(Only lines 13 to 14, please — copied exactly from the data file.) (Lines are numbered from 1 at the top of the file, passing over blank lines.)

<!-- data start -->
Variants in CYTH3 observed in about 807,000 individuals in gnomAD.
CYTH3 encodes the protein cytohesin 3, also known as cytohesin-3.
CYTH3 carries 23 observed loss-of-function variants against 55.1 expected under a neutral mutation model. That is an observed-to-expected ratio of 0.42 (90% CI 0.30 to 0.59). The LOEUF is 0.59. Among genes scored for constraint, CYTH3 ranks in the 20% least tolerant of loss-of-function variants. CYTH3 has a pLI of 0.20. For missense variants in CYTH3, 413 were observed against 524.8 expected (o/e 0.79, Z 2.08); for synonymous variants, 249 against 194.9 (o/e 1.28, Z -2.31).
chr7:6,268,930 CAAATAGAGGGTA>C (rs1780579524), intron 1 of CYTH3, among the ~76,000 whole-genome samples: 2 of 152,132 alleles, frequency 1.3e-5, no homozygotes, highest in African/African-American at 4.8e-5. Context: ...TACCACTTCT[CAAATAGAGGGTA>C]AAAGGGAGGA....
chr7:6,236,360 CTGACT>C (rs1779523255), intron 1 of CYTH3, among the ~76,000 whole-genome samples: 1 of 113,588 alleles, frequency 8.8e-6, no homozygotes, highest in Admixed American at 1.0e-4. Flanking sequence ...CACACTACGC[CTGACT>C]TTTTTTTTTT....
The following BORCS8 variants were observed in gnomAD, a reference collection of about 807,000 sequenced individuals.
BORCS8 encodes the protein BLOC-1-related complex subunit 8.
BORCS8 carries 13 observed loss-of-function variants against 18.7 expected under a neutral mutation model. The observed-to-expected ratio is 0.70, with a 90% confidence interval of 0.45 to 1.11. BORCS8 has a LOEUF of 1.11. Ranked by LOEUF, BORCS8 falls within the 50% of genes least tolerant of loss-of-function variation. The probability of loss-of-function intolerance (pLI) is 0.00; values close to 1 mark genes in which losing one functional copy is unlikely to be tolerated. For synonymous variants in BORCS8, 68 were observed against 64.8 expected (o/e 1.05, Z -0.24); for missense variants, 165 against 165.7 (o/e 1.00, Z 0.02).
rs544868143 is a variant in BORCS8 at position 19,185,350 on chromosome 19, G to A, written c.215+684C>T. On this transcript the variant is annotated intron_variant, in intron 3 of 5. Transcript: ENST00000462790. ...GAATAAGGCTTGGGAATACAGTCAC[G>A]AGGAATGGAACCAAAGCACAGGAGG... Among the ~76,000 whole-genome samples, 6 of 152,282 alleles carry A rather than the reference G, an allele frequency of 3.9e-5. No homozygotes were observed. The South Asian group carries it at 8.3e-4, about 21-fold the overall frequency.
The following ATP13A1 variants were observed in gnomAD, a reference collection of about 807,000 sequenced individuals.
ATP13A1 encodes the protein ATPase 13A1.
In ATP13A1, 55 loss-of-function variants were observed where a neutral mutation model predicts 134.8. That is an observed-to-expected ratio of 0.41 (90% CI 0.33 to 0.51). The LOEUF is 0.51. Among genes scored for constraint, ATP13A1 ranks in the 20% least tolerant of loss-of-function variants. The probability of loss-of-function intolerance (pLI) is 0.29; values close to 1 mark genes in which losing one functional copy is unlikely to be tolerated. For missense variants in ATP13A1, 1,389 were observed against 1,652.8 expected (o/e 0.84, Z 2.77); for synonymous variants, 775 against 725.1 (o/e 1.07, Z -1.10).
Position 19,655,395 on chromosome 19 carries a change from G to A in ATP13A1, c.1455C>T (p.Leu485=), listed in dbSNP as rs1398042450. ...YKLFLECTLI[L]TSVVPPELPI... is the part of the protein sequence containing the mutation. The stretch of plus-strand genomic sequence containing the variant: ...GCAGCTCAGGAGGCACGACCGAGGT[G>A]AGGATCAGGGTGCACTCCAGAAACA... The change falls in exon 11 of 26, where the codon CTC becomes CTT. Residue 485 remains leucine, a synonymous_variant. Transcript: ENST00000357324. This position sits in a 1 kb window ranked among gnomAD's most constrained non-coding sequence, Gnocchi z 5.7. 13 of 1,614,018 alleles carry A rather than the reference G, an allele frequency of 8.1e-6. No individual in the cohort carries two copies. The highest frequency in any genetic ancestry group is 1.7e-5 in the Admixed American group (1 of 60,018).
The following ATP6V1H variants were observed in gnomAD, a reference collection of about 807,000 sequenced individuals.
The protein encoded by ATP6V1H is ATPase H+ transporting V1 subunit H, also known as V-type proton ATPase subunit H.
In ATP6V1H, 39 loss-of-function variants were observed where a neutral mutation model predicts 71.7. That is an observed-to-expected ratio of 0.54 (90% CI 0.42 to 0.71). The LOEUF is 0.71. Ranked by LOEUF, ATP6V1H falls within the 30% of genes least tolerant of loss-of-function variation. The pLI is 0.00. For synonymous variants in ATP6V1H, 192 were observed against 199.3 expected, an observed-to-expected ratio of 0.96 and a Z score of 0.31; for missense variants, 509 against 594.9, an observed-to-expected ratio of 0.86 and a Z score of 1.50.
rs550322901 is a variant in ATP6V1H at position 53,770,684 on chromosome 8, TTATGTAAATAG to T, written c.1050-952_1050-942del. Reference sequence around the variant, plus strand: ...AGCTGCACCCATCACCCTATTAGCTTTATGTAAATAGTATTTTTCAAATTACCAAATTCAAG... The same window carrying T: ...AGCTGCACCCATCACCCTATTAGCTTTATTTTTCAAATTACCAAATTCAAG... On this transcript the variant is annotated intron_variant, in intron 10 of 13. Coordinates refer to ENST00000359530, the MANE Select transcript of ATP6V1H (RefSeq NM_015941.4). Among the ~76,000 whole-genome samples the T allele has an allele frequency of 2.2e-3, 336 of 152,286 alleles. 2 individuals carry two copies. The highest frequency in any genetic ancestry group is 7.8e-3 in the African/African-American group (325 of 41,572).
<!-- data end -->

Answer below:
Position 19,655,395 on chromosome 19 carries a change from G to A in ATP13A1, c.1455C>T (p.Leu485=), listed in dbSNP as rs1398042450. ...YKLFLECTLI[L]TSVVPPELPI... is the part of the protein sequence containing the mutation. The stretch of plus-strand genomic sequence containing the variant: ...GCAGCTCAGGAGGCACGACCGAGGT[G>A]AGGATCAGGGTGCACTCCAGAAACA... The change falls in exon 11 of 26, where the codon CTC becomes CTT. Residue 485 remains leucine, a synonymous_variant. Transcript: ENST00000357324. This position sits in a 1 kb window ranked among gnomAD's most constrained non-coding sequence, Gnocchi z 5.7. 13 of 1,614,018 alleles carry A rather than the reference G, an allele frequency of 8.1e-6. No individual in the cohort carries two copies. The highest frequency in any genetic ancestry group is 1.7e-5 in the Admixed American group (1 of 60,018).
The following ATP6V1H variants were observed in gnomAD, a reference collection of about 807,000 sequenced individuals.